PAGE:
The week is going by quickly and the kids are participating in all kinds of activities. The schedule is very busy for kids especially, so they're certainly getting their money's worth. I've been very impressed with some of the kids, especially a boy named Felix from Germany who is working on Climate Justice. He's 11 and organizes a lot of tree planting events, but when he gets everyone together he speaks on climate justice. It's far more complex than the standard plant a tree and sort your garbage solutions that everyone else drones on about. Google "climate justice" and I'm sure there will be lots of information on that.

I've got to pick M up from her Action Group. More info later.

18 June 2008

Some Things I'm Learning at the UN Conference

  1. People are all the same.
  2. People are really different.
  3. Birds have accents.
  4. Corporate representatives from oil companies should not give power point presentations to 700 children and 300 adults who haven't had a pee break in 3 hours.
  5. If you get up at 5:00 am the lineup for showers won't be very long.
  6. There are some pretty amazing children in the world.
  7. Life can be very lovely, even if gas is $2.65/litre.
  8. If there's a seedy side to Norway, they're hiding it well.
  9. There is breathtaking beauty in this country.
  10. There appear to be no mosquitoes or squirrels in Stavanger.

16 June 2008

Norway update

After a very long trip we finally got here yesterday afternoon local time. We were completely beat from having had just about no sleep all night but we're mostly rested up now and enjoying our first full day here. We're in a 10 room dorm which has extremely basic amenities. The kids are all thrilled because there are bunkbeds, and not much else matters beyond that if you're a kid. There are limited washrooms and showers (communal) and our room is directly over the main entrance so it's very noisy. Hopefully, tonight will be quieter as people are settled in more. Oh yeah, the food is really cold for some mysterious reason. The "messebygge" (Mess Hall) is a brand new glass structure with high tech everything so maybe they haven't sorted out the steam tables yet. But......Stavanger is amazingly beautiful and after the jet lag wears off I'm sure we'll settle in to the routine here and be just fine. There are people here from everywhere.... we're sharing our room with people from Herzegovia, Azerbaijhan, some African country yet to be determined as they just arrived and somewhere in Russia near the Ural mountains.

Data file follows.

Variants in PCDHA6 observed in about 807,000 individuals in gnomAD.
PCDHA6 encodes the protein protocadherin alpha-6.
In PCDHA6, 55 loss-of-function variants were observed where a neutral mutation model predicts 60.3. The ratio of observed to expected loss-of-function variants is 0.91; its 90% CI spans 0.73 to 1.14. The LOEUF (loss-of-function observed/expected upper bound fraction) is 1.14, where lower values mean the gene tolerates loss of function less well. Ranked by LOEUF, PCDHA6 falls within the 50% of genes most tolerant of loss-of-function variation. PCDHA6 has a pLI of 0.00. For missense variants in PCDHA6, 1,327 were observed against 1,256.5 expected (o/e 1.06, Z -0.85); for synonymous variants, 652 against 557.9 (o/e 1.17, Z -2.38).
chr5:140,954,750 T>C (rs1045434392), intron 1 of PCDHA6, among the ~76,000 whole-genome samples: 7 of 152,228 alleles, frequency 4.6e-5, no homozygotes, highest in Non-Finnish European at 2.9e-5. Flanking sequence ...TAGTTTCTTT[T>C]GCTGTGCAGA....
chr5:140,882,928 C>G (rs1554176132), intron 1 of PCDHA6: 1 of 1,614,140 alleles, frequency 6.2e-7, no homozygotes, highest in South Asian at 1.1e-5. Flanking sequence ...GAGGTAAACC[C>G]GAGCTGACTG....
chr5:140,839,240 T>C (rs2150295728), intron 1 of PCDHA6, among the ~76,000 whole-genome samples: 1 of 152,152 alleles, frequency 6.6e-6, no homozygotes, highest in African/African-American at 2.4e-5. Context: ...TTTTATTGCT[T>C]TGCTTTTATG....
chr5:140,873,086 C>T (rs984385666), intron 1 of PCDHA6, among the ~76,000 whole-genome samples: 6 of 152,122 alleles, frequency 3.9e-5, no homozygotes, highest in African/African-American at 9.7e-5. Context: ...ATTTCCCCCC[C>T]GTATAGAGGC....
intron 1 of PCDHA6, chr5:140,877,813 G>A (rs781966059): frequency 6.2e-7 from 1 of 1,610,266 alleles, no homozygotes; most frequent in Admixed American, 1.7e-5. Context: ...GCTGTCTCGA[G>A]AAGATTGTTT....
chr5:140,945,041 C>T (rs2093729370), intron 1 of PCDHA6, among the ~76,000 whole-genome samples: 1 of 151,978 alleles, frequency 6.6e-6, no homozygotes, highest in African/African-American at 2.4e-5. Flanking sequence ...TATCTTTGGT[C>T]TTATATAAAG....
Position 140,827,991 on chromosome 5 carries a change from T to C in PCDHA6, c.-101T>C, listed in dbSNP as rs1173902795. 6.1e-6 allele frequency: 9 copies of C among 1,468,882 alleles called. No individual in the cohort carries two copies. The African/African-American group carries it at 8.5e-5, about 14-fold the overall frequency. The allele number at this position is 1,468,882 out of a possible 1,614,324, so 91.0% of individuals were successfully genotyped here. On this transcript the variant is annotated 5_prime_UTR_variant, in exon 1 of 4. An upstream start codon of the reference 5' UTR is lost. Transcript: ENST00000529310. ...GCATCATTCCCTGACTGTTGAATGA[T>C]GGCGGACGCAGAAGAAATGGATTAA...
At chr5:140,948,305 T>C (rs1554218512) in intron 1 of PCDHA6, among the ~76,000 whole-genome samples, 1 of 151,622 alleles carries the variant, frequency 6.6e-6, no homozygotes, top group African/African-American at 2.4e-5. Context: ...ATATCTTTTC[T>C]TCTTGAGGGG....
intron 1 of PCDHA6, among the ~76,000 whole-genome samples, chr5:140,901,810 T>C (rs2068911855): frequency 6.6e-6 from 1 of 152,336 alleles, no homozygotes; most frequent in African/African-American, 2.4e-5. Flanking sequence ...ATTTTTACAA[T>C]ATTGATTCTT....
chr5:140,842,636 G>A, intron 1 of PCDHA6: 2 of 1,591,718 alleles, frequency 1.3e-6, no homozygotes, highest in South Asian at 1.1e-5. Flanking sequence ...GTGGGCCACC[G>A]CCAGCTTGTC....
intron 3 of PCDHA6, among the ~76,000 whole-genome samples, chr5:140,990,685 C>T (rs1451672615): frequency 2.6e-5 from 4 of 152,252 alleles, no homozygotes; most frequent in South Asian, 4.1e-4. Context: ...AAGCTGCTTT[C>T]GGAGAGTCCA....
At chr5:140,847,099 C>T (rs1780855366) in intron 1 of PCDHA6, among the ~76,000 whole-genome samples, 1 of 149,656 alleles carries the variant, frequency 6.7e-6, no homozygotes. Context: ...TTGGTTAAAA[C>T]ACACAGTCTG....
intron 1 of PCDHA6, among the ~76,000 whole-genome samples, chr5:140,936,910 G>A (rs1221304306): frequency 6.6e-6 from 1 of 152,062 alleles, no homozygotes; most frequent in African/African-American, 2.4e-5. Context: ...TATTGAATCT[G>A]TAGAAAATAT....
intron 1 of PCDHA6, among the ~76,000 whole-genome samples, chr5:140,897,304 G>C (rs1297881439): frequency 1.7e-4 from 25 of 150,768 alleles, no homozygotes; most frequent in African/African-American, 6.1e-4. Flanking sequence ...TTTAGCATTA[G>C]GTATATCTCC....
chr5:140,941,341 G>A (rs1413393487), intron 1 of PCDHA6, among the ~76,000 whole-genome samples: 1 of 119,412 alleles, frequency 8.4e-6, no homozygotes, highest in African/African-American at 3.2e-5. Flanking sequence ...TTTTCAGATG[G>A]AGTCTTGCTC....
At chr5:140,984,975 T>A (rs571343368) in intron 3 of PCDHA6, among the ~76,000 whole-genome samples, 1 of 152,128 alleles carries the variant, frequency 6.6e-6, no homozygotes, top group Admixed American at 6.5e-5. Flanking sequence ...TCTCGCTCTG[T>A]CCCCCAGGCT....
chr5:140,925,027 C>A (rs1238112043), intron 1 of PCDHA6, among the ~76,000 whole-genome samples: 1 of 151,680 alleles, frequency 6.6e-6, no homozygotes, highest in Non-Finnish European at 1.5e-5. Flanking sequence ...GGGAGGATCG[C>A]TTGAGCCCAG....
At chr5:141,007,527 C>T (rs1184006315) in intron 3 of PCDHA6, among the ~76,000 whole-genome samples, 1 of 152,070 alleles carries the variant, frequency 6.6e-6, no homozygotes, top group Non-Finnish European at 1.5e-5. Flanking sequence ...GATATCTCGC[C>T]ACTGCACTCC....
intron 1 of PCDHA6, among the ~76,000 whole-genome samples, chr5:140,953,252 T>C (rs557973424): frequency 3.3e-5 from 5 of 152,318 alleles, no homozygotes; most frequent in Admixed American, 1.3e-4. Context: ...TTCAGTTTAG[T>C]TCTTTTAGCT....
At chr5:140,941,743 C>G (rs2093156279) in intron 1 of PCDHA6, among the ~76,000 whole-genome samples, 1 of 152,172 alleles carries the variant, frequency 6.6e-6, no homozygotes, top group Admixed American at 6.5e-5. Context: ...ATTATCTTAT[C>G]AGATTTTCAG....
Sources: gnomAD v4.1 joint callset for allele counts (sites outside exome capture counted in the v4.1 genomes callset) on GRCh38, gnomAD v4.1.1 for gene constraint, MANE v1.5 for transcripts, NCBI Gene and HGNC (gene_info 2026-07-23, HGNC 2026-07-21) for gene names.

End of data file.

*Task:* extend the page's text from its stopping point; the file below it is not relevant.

We're visiting the University of Stavanger for the first time today. It's where we'll spend most of our time over the next week. It's very modern and quite a contrast from the military camp where we're sleeping. People watching is proving to be one of the most interesting pastimes as there are people here from literally everywhere. Norway has a familiar feel to it, perhaps a sign I've spent too much time at Ikea over the years. It seems that every Norwegian speaks perfect English, especially if they're under 25, so we're not getting much practice using our three Norwegian words.

The conference itself officially starts tomorrow and I'll try to keep the blog updated with anything interesting. I'll have pictures on the blog when we get home.